Some of the problems that neurofeedback can help with include ADHD, depression, migraines, ADD, learning difficulties, behavioral disorders, PTSD, anxiety, and chronic pain. Most importantly, neurofeedback can be a viable alternative to medications.

Many studies have shown that children who receive neurofeedback experience a number of benefits, including a higher IQ, better performance at school, less depressive symptoms, and better sleep. Additionally, neurofeedback can help rewire the brain for optimal mental functioning, and can reduce the symptoms of phobias, hyperactivity, and anxiety.

Another study found that 61% of patients with PTSD had improved symptoms after receiving neurofeedback. Researchers concluded that the brain’s response to neurofeedback helps it develop healthier connectivity patterns. This has a positive effect on the mental and physical well-being of PTSD sufferers. The study suggests that Neurofeedback can help trauma sufferers rewire their brains for improved cognitive functions, such as concentration, memory, and mood.

According to neurofeedback researchers, the brain’s ability to learn and rewire itself is essential for good mood. As the brain is rewired, the synapses are built up and the neurons fire in different ways. This is called neuroplasticity, and it continues throughout a person’s lifetime.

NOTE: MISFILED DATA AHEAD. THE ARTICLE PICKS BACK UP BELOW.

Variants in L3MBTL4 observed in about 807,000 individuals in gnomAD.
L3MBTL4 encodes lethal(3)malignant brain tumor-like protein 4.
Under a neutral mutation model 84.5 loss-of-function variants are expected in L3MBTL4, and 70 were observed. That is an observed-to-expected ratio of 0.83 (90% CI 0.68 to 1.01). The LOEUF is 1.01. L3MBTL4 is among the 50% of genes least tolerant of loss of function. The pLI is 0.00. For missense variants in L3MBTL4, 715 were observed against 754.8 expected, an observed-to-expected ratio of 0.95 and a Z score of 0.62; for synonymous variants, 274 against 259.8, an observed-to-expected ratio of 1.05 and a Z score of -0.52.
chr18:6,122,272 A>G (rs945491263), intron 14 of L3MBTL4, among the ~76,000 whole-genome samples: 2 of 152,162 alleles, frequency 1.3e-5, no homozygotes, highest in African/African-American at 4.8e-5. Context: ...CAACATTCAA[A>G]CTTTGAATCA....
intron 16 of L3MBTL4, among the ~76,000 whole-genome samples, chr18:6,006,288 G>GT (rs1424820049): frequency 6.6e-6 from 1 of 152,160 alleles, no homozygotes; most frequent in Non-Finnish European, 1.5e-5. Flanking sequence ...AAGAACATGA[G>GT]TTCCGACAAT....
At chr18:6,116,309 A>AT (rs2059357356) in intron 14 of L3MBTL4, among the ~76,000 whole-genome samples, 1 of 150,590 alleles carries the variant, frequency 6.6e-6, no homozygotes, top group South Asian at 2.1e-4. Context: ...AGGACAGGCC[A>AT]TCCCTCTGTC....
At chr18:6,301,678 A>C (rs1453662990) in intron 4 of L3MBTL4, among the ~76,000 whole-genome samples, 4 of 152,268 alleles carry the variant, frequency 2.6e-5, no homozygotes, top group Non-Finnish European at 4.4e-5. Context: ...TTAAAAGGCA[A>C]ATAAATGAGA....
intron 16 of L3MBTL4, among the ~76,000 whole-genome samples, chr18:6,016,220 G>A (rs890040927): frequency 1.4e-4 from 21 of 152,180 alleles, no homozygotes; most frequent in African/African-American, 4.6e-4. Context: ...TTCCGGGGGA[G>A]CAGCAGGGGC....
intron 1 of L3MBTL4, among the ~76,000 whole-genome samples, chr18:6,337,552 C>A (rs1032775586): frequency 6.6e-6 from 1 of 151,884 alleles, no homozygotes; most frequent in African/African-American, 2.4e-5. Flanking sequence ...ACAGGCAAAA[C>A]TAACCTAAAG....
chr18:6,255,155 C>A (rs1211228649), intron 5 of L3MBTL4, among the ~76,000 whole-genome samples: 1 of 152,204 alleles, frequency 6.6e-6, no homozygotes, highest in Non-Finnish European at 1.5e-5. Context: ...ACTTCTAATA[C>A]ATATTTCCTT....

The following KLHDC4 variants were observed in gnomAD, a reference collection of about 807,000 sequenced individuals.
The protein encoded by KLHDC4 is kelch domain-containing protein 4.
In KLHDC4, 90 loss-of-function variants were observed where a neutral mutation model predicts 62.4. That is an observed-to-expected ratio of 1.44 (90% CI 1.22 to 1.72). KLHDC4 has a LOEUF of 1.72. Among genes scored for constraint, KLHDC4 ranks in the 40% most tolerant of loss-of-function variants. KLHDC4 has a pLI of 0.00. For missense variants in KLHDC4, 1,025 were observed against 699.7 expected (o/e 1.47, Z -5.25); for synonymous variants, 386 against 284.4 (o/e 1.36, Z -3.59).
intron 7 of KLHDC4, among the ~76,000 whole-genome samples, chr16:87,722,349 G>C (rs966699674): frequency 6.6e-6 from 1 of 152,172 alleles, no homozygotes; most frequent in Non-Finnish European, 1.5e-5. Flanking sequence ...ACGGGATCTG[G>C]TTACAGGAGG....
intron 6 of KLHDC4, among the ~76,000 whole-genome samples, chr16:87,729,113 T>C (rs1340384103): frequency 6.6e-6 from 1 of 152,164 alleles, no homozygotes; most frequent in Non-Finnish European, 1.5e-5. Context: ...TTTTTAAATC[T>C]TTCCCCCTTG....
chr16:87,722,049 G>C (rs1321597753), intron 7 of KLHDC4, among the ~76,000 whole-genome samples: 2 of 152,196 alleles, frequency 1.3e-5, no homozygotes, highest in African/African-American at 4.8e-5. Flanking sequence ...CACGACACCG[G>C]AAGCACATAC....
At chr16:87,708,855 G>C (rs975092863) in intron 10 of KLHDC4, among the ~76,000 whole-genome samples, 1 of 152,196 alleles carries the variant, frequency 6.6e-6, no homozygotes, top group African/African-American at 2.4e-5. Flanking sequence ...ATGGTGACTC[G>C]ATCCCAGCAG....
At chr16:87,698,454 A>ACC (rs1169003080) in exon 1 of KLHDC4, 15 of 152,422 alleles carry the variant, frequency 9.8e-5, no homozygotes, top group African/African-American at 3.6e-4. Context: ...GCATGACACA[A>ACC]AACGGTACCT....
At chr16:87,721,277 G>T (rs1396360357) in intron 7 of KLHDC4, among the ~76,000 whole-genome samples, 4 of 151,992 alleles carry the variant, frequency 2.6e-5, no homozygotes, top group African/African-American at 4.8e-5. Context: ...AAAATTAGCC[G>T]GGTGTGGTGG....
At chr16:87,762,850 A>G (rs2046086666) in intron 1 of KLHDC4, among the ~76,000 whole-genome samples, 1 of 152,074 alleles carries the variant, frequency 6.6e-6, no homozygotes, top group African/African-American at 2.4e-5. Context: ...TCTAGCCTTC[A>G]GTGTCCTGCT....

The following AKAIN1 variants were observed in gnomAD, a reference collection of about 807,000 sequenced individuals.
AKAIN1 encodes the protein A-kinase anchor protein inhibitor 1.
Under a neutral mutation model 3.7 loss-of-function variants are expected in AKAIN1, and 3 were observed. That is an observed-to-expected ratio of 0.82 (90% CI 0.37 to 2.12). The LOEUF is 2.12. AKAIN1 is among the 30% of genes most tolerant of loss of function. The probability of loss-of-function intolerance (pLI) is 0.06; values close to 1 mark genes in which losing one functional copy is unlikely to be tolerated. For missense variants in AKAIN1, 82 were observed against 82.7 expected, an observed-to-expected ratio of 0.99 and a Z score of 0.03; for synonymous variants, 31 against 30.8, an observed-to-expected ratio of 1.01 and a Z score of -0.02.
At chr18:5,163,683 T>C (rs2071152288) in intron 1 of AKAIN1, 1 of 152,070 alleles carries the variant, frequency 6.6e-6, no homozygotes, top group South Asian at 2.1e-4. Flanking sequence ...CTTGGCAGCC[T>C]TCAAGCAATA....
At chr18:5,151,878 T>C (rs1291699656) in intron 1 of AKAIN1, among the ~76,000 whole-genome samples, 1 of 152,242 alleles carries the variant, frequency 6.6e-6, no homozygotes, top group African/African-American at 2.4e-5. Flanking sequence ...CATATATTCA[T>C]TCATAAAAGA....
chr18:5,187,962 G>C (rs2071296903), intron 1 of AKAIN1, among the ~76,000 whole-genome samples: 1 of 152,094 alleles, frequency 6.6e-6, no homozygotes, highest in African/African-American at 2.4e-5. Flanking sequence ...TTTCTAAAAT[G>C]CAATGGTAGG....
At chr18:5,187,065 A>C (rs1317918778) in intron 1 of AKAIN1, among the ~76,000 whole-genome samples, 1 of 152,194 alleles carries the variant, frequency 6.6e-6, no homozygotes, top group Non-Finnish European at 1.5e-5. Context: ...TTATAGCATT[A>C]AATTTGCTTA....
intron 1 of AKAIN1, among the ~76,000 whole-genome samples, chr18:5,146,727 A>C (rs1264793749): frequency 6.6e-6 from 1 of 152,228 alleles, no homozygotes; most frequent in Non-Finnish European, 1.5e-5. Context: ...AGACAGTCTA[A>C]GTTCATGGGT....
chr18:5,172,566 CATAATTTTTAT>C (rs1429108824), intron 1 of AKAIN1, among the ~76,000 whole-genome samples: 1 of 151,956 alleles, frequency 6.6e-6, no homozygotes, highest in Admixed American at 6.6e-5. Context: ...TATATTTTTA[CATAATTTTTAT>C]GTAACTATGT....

The Trauma Research Foundation has been using neurofeedback to treat a range of traumatic injuries and disorders since 2007. They have a program of hands-on skill training and neurofeedback equipment. They offer live workshops to teach individuals how to rewire their brains for optimal functioning and happiness.

The Trauma Research Foundation offers a Neurofeedback program that includes 36 hours of self-paced didactic training, 11 hours of live meetings, and a practicum with neurofeedback equipment. These programs are conducted by qualified clinicians who have specialized training in the field.